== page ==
7th October 2015
PhD Student Eavan Brady presents research at two international academic events in Zurich, Switzerland.
Eavan Brady presented details of her research project - A Life Course Study of the Educational Pathways of Adult Care Leavers in Ireland - to academics and PhD students at the annual International Research Network on Transitions to adulthood from Care (INTRAC) meeting in Zurich on 1st September. Eavan also presented a conference poster detailing her research design and related planning and development issues at the 3rd International Congress of the Swiss Association of Social Work on 3rd and 4th September. Eavan is in Year 2 of her PhD studies and is supervised by Professor Robbie Gilligan.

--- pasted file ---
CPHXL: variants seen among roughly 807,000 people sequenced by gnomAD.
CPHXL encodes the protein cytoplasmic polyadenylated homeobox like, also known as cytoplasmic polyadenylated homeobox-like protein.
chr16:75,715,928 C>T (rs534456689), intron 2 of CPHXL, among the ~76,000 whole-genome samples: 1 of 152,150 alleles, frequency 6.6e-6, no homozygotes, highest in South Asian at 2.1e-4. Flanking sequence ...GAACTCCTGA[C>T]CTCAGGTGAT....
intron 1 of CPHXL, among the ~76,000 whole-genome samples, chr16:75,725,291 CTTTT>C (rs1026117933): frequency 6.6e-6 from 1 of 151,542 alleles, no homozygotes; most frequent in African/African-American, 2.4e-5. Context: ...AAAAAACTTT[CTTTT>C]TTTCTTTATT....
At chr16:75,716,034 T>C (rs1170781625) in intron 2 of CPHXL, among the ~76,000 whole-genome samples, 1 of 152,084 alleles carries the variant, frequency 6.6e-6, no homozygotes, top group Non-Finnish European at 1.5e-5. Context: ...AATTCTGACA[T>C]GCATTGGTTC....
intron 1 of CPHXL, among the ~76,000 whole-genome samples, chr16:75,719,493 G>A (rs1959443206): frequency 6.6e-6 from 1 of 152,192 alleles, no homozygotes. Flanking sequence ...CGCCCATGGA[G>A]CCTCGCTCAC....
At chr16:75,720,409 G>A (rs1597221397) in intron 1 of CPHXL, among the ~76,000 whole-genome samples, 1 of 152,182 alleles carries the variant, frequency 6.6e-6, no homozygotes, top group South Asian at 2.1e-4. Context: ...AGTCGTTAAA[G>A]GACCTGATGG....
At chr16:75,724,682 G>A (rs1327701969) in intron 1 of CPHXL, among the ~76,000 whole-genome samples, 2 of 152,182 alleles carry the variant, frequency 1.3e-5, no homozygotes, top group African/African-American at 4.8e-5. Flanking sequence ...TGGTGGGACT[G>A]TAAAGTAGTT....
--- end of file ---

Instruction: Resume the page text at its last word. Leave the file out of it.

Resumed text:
Click here to view poster
1st October 2015
To mark International Day for the Eradication of Poverty, The Trinity International Development Initiative (TIDI), in partnership with the School of Social Work & Social Policy, TCD & All Together in Dignity (ATD) will host eminent Professor of Social Policy at the University of Oxford, Robert Walker to give a keynote address on his recent book ‘The Shame of Poverty’on Friday 16 October 2015. This will be followed by a conversational-style interview with RTE’s Religious and Social Affairs Correspondent, Joe Little and will feature short films along this theme.
The International Day for the Eradication of Poverty (17 October 2016) has been observed every year since 1993, when the United Nations General Assembly, by resolution 47/196, designated this day to promote awareness of